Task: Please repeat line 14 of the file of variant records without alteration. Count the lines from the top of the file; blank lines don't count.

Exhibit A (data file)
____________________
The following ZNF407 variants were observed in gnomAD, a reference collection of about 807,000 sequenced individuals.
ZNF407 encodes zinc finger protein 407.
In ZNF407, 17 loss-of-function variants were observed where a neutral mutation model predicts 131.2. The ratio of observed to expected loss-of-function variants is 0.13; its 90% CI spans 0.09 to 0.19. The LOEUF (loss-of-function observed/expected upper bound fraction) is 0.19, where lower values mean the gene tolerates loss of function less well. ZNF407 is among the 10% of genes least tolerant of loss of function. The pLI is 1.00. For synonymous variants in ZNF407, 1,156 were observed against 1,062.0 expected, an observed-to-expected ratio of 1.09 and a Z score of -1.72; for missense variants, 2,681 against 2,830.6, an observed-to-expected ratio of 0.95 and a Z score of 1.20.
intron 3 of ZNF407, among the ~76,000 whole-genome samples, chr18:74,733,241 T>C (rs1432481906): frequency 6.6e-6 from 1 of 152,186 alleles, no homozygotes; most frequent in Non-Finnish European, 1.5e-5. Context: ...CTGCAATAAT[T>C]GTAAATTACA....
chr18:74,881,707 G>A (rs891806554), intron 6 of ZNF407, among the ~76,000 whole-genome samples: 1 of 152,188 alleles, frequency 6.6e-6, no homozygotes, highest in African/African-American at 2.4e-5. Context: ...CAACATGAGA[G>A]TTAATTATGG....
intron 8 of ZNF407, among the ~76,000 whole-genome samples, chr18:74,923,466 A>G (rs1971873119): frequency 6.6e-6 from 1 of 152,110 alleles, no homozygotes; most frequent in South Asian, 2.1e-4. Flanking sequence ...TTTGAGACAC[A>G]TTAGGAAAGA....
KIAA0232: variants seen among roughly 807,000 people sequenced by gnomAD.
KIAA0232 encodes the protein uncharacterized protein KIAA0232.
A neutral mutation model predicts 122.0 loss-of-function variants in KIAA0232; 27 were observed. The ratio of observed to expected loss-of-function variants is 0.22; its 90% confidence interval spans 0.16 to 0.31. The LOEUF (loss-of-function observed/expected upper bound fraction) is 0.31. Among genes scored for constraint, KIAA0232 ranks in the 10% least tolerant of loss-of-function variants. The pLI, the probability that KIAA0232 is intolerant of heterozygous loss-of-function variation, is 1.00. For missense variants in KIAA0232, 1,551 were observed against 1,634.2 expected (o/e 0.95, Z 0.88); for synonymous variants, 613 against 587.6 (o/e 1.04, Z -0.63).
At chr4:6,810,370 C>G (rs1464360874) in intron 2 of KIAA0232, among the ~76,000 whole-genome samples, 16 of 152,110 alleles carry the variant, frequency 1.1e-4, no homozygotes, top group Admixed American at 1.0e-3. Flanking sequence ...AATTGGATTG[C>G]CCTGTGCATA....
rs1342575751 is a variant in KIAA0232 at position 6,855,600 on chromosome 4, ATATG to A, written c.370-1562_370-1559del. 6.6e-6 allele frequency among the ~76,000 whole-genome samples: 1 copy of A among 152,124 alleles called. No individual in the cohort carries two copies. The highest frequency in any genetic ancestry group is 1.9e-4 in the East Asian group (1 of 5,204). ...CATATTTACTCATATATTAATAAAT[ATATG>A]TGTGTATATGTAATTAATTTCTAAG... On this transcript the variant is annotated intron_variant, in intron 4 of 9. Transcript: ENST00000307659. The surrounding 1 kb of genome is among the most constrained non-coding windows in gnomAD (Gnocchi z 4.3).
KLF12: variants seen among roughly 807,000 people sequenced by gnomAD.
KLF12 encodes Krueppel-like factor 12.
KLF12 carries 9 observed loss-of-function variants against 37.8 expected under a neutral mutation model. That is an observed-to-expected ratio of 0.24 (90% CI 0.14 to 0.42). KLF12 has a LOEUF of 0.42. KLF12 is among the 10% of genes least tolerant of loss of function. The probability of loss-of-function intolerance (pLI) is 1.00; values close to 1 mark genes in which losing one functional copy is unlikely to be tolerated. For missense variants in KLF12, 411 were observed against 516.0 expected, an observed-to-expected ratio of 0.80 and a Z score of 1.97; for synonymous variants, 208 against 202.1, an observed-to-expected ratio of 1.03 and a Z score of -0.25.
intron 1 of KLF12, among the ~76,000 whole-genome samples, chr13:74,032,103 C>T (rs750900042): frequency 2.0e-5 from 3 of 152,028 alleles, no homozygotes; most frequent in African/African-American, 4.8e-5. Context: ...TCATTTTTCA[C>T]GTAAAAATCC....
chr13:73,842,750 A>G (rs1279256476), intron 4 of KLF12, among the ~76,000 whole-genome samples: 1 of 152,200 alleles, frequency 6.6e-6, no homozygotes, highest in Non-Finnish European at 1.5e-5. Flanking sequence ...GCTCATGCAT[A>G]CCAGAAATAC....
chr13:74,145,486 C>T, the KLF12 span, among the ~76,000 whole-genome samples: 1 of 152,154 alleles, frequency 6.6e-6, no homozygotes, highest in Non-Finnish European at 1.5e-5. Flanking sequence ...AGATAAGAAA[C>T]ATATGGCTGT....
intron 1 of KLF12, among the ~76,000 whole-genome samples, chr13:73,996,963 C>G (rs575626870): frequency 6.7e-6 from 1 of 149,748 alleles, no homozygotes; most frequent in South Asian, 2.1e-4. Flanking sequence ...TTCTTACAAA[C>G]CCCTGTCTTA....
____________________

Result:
KLF12 carries 9 observed loss-of-function variants against 37.8 expected under a neutral mutation model. That is an observed-to-expected ratio of 0.24 (90% CI 0.14 to 0.42). KLF12 has a LOEUF of 0.42. KLF12 is among the 10% of genes least tolerant of loss of function. The probability of loss-of-function intolerance (pLI) is 1.00; values close to 1 mark genes in which losing one functional copy is unlikely to be tolerated. For missense variants in KLF12, 411 were observed against 516.0 expected, an observed-to-expected ratio of 0.80 and a Z score of 1.97; for synonymous variants, 208 against 202.1, an observed-to-expected ratio of 1.03 and a Z score of -0.25.